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Can the magnitude of vector be negative?

  1. Sep 18, 2009 #1
    Recently I was told that scalars, although magnitude only, can be negative. Does this mean that the magnitude of a vector can be negative too?

    Also, I'm wondering if there's a difference between the absolute value and magnitude of a vector like -3i-4j. Thanks for any help that you can provide
  2. jcsd
  3. Sep 18, 2009 #2
    no, the magnitude of a vector is computed by sqrt(x1^2 + ...... xn^2)
  4. Sep 18, 2009 #3


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    Staff: Mentor

    I say "absolute value" only when I'm talking about a number, and "magnitude" when I'm talking about a vector. I don't know if it's actually incorrect to say "absolute value of a vector." Nevertheless, I don't think there's any chance you would confuse people by saying "absolute value of a vector," because I can't think of anything else besides the magnitude that it could be interpreted to mean.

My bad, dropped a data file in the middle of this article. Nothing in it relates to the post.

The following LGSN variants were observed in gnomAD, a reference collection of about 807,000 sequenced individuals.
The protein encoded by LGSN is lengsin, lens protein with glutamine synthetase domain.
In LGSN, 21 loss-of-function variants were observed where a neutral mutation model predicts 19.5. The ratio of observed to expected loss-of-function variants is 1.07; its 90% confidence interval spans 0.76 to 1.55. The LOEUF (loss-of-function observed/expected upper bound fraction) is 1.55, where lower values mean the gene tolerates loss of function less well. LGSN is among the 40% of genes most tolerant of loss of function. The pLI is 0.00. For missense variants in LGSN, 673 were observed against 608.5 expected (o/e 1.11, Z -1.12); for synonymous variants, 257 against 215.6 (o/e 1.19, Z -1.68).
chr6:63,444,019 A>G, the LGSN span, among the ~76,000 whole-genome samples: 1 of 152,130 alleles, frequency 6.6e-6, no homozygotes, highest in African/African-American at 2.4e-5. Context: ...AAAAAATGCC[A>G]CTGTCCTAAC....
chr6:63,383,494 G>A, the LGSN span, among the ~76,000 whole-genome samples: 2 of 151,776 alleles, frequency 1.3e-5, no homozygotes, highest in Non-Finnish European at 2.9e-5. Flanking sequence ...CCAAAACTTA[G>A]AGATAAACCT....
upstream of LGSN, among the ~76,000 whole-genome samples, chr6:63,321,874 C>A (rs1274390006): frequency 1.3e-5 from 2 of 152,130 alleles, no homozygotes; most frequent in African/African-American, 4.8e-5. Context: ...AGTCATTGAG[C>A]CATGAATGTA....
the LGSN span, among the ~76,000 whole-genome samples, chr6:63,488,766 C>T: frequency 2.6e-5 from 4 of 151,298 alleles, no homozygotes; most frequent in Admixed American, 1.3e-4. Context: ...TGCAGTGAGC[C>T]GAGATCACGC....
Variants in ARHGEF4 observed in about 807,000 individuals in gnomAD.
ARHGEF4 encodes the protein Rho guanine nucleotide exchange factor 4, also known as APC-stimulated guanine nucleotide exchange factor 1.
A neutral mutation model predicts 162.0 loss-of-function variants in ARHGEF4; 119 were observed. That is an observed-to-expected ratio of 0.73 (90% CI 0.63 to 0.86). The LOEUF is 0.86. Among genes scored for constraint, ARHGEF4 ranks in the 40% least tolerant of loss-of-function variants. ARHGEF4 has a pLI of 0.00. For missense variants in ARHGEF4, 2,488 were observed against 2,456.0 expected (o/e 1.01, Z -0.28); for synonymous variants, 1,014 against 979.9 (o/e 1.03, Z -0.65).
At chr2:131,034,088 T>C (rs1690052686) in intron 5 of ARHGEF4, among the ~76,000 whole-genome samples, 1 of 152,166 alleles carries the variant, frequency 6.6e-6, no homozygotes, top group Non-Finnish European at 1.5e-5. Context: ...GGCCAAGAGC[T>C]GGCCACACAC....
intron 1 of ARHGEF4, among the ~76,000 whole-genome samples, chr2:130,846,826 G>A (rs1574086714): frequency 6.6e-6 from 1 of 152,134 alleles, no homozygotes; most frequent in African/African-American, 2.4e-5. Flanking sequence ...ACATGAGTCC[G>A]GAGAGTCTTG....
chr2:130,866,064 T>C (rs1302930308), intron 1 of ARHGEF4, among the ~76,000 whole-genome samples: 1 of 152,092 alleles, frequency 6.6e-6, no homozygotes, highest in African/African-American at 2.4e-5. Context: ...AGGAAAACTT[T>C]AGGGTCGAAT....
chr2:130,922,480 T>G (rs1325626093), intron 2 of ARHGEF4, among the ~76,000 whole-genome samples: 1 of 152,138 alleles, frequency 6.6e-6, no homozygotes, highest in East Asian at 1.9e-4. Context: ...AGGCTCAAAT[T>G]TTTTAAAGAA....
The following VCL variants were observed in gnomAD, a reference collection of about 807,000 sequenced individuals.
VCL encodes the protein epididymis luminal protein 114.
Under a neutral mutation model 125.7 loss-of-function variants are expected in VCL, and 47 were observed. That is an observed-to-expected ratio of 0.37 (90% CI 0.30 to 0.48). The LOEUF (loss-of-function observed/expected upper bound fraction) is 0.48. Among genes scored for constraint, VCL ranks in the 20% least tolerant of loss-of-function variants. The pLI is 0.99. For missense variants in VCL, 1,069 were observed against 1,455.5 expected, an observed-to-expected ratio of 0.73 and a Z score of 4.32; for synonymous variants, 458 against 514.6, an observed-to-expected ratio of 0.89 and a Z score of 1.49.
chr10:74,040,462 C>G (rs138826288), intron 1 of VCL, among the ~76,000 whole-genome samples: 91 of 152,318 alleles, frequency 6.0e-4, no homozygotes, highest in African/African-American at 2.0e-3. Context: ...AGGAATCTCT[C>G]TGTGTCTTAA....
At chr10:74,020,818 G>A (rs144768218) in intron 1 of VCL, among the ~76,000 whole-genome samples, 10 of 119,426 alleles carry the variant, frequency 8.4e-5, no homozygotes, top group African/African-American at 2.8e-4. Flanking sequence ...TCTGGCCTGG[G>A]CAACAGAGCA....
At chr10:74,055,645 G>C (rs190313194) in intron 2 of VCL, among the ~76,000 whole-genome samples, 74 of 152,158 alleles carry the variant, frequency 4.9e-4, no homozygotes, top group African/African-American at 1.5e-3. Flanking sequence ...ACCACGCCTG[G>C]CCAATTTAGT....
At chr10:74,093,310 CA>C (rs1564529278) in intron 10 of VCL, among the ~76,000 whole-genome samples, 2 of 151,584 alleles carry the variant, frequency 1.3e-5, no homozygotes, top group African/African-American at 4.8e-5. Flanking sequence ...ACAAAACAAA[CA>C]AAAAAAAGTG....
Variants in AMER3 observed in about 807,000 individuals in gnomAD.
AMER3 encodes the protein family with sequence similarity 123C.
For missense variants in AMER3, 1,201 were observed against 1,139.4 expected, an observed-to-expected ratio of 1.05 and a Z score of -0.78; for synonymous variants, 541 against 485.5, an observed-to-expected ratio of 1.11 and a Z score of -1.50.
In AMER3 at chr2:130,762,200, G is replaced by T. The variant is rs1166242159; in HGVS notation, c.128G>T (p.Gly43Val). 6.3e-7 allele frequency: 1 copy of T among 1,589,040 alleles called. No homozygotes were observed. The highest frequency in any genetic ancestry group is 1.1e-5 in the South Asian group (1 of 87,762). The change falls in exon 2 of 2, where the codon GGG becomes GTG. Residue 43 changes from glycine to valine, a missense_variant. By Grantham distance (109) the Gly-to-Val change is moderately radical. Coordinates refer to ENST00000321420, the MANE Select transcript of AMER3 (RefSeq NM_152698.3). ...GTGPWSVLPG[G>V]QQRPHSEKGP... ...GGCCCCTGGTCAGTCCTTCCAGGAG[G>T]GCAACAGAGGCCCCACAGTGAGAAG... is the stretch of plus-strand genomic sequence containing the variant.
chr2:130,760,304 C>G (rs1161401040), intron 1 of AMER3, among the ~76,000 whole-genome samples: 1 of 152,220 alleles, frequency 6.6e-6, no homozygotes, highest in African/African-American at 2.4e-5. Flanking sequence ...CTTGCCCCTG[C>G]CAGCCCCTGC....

5. Sep 18, 2009 #4
    the absolute value of a vector is the "norm"
  6. Sep 19, 2009 #5


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    Science Advisor
    Gold Member

    The magnitude (a.k.a. norm or length) ǁaǁ of a vector a is a scalar and is always positive (or zero).

    But there are scalars that are not magnitudes of vectors and they can be negative. (For example the scalar product (a.k.a. dot product or inner product) of two vectors a.b).
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